Puigdemont pledged to declare independence if referendum led to 'incidents', says ex-police chief
Ferran López, the Catalan police second-in-command during the 2017 vote, speaks as a witness in the independence trial
Former president Carles Puigdemont pledged to declare independence if the 2017 independence referendum led to "incidents," according to Ferran López, the then second-in-command of the Catalan police.
On Wednesday morning, López spoke as a witness at the Supreme Court, where 12 pro-independence leaders are facing trial for holding the vote despite Spain's opposition.
"The Catalan police never collaborated either in the preparation or in the execution of the referendum," the right-hand man of former Mossos d'Esquadra police chief Josep Lluís Trapero told the court.
López, who later replaced Trapero after Madrid imposed direct rule on Catalonia, told the court that the Catalan police "attempted to comply with the judicial order [to prevent the vote]."
In fact, López claimed that the Mossos leadership expressed "concern" to then president Puigdemont about the referendum day, and that police chief Trapero asked Catalan government leaders to "comply with the judicial orders and not to hold the referendum."
Stressing the gap between the government and police leaderships, López said, "we had a [home affairs] minister who was reacting in the opposite way to us," referencing Joaquim Forn, who is on trial, who he said made the "mistake" of pledging the vote would go ahead.
According to Trapero's former deputy, the Catalan police were “still worried" after a first meeting with the Catalan government, and urged them to meet again, and made it clear to the executive that if the referendum took place, “there would be problems.”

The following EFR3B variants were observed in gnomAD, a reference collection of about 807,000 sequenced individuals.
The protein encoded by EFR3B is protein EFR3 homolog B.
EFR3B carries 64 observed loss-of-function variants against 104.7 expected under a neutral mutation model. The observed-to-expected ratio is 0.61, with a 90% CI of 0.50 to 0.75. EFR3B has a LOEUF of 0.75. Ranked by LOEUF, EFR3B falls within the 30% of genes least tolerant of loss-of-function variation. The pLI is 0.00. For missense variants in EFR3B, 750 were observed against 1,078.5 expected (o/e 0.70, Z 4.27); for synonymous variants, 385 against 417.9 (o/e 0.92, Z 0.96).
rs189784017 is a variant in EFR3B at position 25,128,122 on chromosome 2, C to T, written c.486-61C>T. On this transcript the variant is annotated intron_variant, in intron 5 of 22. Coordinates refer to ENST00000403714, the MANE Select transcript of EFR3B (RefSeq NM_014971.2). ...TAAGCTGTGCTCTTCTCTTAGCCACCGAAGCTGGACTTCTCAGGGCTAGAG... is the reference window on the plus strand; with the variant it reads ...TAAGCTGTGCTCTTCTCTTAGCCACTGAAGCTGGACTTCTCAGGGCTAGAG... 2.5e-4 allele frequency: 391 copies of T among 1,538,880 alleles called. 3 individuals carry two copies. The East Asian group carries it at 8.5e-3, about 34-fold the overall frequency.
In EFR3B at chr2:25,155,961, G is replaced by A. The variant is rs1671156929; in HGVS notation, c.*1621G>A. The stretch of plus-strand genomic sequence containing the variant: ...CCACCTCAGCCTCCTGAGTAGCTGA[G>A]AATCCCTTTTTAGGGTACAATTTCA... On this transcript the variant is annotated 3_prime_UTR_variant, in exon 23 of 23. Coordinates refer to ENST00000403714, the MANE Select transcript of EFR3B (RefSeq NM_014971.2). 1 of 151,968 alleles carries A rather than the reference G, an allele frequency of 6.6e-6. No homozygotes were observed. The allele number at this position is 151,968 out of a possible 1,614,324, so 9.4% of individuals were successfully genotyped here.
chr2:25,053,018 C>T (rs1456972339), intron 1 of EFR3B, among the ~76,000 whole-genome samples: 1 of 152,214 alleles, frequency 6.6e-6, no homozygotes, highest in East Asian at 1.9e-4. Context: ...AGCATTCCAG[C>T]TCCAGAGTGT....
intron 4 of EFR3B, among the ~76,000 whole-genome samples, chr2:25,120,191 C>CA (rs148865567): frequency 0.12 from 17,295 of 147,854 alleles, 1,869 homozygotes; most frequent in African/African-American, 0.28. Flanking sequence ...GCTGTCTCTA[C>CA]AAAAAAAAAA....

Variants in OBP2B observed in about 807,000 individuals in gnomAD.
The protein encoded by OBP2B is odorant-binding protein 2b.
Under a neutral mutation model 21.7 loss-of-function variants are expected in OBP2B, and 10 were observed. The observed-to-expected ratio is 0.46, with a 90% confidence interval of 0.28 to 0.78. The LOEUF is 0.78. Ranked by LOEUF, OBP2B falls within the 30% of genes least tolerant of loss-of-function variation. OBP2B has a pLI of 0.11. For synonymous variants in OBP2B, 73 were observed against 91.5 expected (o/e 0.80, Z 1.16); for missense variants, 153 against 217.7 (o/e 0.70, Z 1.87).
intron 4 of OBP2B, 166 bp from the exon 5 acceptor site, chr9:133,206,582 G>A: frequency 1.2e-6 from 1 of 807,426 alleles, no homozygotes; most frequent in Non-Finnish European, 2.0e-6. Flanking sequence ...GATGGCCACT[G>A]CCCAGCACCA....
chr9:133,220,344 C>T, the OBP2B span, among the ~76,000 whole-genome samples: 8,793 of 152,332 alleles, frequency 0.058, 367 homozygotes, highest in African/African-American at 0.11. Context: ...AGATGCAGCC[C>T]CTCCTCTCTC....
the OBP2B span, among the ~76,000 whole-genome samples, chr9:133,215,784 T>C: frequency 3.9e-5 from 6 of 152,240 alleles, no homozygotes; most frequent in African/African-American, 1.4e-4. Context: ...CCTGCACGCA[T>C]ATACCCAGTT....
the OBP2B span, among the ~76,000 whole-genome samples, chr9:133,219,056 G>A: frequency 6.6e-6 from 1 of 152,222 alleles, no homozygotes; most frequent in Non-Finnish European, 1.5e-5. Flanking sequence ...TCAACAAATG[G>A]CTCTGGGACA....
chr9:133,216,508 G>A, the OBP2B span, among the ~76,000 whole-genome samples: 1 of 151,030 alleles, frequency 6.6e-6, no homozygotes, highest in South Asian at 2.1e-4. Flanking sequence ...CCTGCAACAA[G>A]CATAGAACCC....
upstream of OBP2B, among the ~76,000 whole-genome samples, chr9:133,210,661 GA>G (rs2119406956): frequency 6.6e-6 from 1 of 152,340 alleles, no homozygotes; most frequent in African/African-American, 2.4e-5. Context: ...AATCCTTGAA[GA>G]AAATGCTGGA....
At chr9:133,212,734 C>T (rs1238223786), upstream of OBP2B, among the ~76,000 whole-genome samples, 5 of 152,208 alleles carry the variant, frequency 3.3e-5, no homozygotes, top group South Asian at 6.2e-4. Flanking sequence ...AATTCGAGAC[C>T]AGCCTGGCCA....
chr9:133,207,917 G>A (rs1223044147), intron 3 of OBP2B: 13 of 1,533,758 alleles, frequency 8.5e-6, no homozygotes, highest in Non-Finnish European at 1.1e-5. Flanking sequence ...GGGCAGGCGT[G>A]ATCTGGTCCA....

Mossos had orders to close polling stations
López also addressed doubts about the Catalan police's commitment to stopping the referendum, saying officers were deployed in 2,300 polling stations with orders to close them when the best moment arose (ie when there were fewer people there).
The former deputy police chief also said that on the day of the October 1 referendum, Mossos d'Esquadra officers seized a total of 423 ballot boxes, 90,000 ballot papers, and 60,000 envelopes.
The former Mossos second-in-command also denied accusations that the Catalan police failed to support Spanish officers, accusing Spanish law enforcement of not sharing information and breaking off the coordinated police operation on the day of the vote.
What's more, López insisted that the Catalan police were always “loyal" to Diego Pérez de los Cobos, the Guardia Civil colonel charged with coordinating the different police forces during the independence referendum.